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'Till Birnam wood remove to Dunfnane,
Enter an Attendant, bastily.
Att. There is ten thousand.
Mac". Go, prick thy face, and over-red thy fear,
Ser. What is your gracious pleasure ?
MAC". I'll fight,till from my bones my flesh be hack'd.Give me my armour.
Ser. 'Tis not needed yet.
MAC". I'll put it on.
Doc. Not fo fick, my lord,
MACB. Cure her of that:
Doc. Therein the patient
MAC". Throw physick to the dogs, I'll none of it. Come, put mine armour on ; give me my ftaff: Seyton, send out. - Doctor, the thanes fly from me :: Come, fir, dispatch: - If thou could'ft, doctor, caft The water of my land, find her disease, And
purge it to a found and pristine health, I would applaud thee to the very echo, That should applaud again. - Pull't off, I say.. What rhubarb, senna, or what purgative drug, Would scour these Evglish hence? Heareft thou of them?
Doc. Ay, my good lord; your royal preparation Makes us hear something.
Macb. Bring it after me.I will not be afraid of death and bane, 'Till Birnam forest come to Dunsinane.
Doc. “Were I from Dunhinane away and clear," “Profit again should hardly draw me here.” [Exeunt. SCENEIV. Plains leading to Dunsinane; aWood adjacent. Enter, with Drum and Colours, MALCOLM;old SEYWARD, and his Son;MACDUFF, Menteth, and the other Thanes,
and Soldiers, marching. MAL. Cousins, I hope, the days are near at hand, That chambers will be safe. Men. We doubt it nothing.
What wood is this before us ? Men. The wood of Birnam.
MAL. Let every soldier hew him down a bough, And bear't before him ; thereby shall we shadow The numbers of our hoft, and make discovery
of Sol. It shall be done.
0. S. We learn no other, but the confident tyrant Keeps still in Dunfinane, and will endure Our setting down before it.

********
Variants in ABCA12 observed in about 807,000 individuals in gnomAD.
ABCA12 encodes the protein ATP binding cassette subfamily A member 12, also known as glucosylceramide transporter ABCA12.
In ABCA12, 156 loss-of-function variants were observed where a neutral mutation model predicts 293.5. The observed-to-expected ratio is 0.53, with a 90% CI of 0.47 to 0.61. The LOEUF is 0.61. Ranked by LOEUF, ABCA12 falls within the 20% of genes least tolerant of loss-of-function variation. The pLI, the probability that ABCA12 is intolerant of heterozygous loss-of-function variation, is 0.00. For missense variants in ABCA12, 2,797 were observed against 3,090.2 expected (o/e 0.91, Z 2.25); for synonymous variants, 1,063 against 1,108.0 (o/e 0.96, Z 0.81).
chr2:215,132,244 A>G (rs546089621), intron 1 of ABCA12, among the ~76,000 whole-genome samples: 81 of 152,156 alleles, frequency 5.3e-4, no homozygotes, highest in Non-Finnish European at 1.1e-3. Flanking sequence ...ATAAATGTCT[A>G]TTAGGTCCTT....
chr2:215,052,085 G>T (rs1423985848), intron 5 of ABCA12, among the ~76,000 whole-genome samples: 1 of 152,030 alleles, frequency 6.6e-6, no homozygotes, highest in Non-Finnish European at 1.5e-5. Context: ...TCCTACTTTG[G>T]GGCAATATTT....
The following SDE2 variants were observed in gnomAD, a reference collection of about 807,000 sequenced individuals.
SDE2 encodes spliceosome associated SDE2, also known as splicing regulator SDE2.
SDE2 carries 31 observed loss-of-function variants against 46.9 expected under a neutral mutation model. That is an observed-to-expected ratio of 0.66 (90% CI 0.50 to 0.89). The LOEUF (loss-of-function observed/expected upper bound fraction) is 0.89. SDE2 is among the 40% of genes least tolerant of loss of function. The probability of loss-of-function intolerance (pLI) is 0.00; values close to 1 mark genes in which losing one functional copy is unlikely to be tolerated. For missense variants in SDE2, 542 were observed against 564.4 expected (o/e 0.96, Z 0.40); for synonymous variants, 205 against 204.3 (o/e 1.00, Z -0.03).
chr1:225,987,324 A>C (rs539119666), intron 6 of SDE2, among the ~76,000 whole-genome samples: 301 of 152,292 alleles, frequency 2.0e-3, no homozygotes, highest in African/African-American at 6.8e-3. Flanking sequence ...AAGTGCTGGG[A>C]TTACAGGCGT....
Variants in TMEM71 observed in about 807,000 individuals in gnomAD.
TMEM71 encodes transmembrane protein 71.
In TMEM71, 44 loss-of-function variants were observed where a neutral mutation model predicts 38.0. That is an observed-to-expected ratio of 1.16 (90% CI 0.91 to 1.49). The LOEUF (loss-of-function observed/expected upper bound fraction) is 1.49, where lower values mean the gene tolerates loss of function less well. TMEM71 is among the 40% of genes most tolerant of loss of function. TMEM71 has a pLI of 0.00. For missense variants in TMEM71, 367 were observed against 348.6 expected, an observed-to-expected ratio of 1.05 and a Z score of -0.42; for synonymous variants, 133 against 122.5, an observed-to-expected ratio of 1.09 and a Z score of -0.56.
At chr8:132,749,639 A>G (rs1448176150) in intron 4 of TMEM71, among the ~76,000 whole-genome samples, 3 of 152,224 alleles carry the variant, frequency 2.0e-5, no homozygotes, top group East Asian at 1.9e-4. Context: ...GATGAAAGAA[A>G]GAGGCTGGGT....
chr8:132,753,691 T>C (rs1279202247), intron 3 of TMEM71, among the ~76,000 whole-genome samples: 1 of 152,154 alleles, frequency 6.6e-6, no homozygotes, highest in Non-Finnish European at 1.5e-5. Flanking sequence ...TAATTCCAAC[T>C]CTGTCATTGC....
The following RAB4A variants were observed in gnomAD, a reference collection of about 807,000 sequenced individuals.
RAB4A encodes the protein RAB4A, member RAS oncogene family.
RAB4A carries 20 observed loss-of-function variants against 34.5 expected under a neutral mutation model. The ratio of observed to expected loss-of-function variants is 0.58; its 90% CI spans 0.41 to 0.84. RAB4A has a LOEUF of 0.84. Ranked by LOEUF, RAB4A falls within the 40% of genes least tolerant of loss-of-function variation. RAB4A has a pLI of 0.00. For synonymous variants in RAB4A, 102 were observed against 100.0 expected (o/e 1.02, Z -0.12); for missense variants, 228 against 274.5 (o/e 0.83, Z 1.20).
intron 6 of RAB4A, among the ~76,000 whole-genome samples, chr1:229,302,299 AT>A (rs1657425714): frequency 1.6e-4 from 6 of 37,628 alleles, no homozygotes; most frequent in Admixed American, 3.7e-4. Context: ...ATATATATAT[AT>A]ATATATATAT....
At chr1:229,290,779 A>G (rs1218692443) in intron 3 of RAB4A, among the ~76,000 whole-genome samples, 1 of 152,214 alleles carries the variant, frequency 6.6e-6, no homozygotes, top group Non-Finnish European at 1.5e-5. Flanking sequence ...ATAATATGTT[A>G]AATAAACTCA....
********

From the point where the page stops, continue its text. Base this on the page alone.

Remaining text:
Mal. 'Tis his main hope :
Macd. Let our just censures
Err in report
37 to be given,
0. S. The time approaches, That will with due decision make us know What we shall say we have, and what we owe. Thoughts speculative their unsure hopes relate; But certain issue strokes must arbitrate : Towards which, advance the war. [Exeunt marching. SCENE V. Dunfinane. A Plat-form within the Castle. Enter, with Drum and Colours, MACBETH,
Seyron, and Soldiers. Macb. Hang out our banners on the outward walls; The cry is still, They come : Our castle's strength Will laugh a siege to scorn : here let them lye, 'Till famine, and the ague, eat them up : Were they not forc'd with those that should be ours, We might have met them dareful beard to beard, And beat them backward home. What is that noise ?
[a Cry within, of Women. Ser. It is the cry of women, my good lord. Mack. I have almost forgot the taste of fears : The time has been, my senses would have cool'd To hear a night-fhriek; and my fell of hair Would at a dismal treatise rouse, and stir As life were in't : I have supt full with horrors ; Direness, familiar to my slaught'rous thoughts, Cannot once start me. Wherefore was that cry?
Ser. The queen, my lord, is dead.
Mac". She should have dy'd hereafter ;
To the last syllable of recorded time;
Enter a Messenger.
Mes. Gracious my lord,
Macb. Well, say it, fir.
Macb. If thou speak’ft false, Upon the next tree shalt thou hang alive, 'Till famine cling thee : if thy speech be footh, I care not if thou doft for me as much. I pull in resolution; and begin To doubt the equivocation of the fiend, That lies like truth: Fear not, 'till Birnam wood Do come to Dunsinane ; and now a wood Comes toward Dunfinane. – Arm, arm, and out!.. If this, which he avouches, does
appear, There is nor flying hence, nor tarrying here.